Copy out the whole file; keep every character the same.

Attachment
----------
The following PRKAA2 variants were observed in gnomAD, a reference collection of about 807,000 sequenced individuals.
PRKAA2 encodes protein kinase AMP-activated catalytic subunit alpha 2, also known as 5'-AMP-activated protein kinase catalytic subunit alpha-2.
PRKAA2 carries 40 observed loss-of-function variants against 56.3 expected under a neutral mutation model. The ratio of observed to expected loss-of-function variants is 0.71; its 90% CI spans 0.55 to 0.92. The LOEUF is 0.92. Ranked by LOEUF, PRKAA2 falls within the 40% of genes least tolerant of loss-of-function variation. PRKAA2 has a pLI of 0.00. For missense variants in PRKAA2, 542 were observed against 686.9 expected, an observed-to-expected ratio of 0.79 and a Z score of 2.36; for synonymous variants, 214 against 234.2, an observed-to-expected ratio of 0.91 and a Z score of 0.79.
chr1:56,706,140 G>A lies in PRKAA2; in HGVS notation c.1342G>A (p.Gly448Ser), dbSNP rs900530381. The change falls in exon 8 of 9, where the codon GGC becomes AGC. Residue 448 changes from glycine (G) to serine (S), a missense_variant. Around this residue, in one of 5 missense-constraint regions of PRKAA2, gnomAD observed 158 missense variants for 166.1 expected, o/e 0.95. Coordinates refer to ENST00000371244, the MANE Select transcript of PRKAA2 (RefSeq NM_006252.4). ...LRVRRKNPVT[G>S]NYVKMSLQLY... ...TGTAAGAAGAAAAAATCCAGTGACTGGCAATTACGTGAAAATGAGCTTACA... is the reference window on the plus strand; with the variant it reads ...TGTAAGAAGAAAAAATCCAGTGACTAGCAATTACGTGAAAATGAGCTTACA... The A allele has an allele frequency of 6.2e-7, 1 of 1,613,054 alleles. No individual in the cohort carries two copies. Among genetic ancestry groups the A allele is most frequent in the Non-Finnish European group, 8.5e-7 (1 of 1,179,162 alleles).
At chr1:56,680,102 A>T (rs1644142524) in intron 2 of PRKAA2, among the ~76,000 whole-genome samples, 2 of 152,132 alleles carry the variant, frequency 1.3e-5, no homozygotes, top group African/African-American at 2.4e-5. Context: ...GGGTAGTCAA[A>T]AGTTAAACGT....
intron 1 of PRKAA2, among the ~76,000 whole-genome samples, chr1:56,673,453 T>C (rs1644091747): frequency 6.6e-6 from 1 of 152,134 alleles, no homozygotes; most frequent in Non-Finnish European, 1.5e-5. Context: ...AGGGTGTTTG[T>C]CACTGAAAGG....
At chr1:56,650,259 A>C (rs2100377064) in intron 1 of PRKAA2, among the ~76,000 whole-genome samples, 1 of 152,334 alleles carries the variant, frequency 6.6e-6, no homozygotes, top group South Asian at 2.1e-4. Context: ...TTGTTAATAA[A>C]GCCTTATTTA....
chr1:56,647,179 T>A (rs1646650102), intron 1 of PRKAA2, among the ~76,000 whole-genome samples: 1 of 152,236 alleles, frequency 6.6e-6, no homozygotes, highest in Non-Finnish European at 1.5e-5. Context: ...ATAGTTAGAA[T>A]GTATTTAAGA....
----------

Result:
The following PRKAA2 variants were observed in gnomAD, a reference collection of about 807,000 sequenced individuals.
PRKAA2 encodes protein kinase AMP-activated catalytic subunit alpha 2, also known as 5'-AMP-activated protein kinase catalytic subunit alpha-2.
PRKAA2 carries 40 observed loss-of-function variants against 56.3 expected under a neutral mutation model. The ratio of observed to expected loss-of-function variants is 0.71; its 90% CI spans 0.55 to 0.92. The LOEUF is 0.92. Ranked by LOEUF, PRKAA2 falls within the 40% of genes least tolerant of loss-of-function variation. PRKAA2 has a pLI of 0.00. For missense variants in PRKAA2, 542 were observed against 686.9 expected, an observed-to-expected ratio of 0.79 and a Z score of 2.36; for synonymous variants, 214 against 234.2, an observed-to-expected ratio of 0.91 and a Z score of 0.79.
chr1:56,706,140 G>A lies in PRKAA2; in HGVS notation c.1342G>A (p.Gly448Ser), dbSNP rs900530381. The change falls in exon 8 of 9, where the codon GGC becomes AGC. Residue 448 changes from glycine (G) to serine (S), a missense_variant. Around this residue, in one of 5 missense-constraint regions of PRKAA2, gnomAD observed 158 missense variants for 166.1 expected, o/e 0.95. Coordinates refer to ENST00000371244, the MANE Select transcript of PRKAA2 (RefSeq NM_006252.4). ...LRVRRKNPVT[G>S]NYVKMSLQLY... ...TGTAAGAAGAAAAAATCCAGTGACTGGCAATTACGTGAAAATGAGCTTACA... is the reference window on the plus strand; with the variant it reads ...TGTAAGAAGAAAAAATCCAGTGACTAGCAATTACGTGAAAATGAGCTTACA... The A allele has an allele frequency of 6.2e-7, 1 of 1,613,054 alleles. No individual in the cohort carries two copies. Among genetic ancestry groups the A allele is most frequent in the Non-Finnish European group, 8.5e-7 (1 of 1,179,162 alleles).
At chr1:56,680,102 A>T (rs1644142524) in intron 2 of PRKAA2, among the ~76,000 whole-genome samples, 2 of 152,132 alleles carry the variant, frequency 1.3e-5, no homozygotes, top group African/African-American at 2.4e-5. Context: ...GGGTAGTCAA[A>T]AGTTAAACGT....
intron 1 of PRKAA2, among the ~76,000 whole-genome samples, chr1:56,673,453 T>C (rs1644091747): frequency 6.6e-6 from 1 of 152,134 alleles, no homozygotes; most frequent in Non-Finnish European, 1.5e-5. Context: ...AGGGTGTTTG[T>C]CACTGAAAGG....
At chr1:56,650,259 A>C (rs2100377064) in intron 1 of PRKAA2, among the ~76,000 whole-genome samples, 1 of 152,334 alleles carries the variant, frequency 6.6e-6, no homozygotes, top group South Asian at 2.1e-4. Context: ...TTGTTAATAA[A>C]GCCTTATTTA....
chr1:56,647,179 T>A (rs1646650102), intron 1 of PRKAA2, among the ~76,000 whole-genome samples: 1 of 152,236 alleles, frequency 6.6e-6, no homozygotes, highest in Non-Finnish European at 1.5e-5. Context: ...ATAGTTAGAA[T>A]GTATTTAAGA....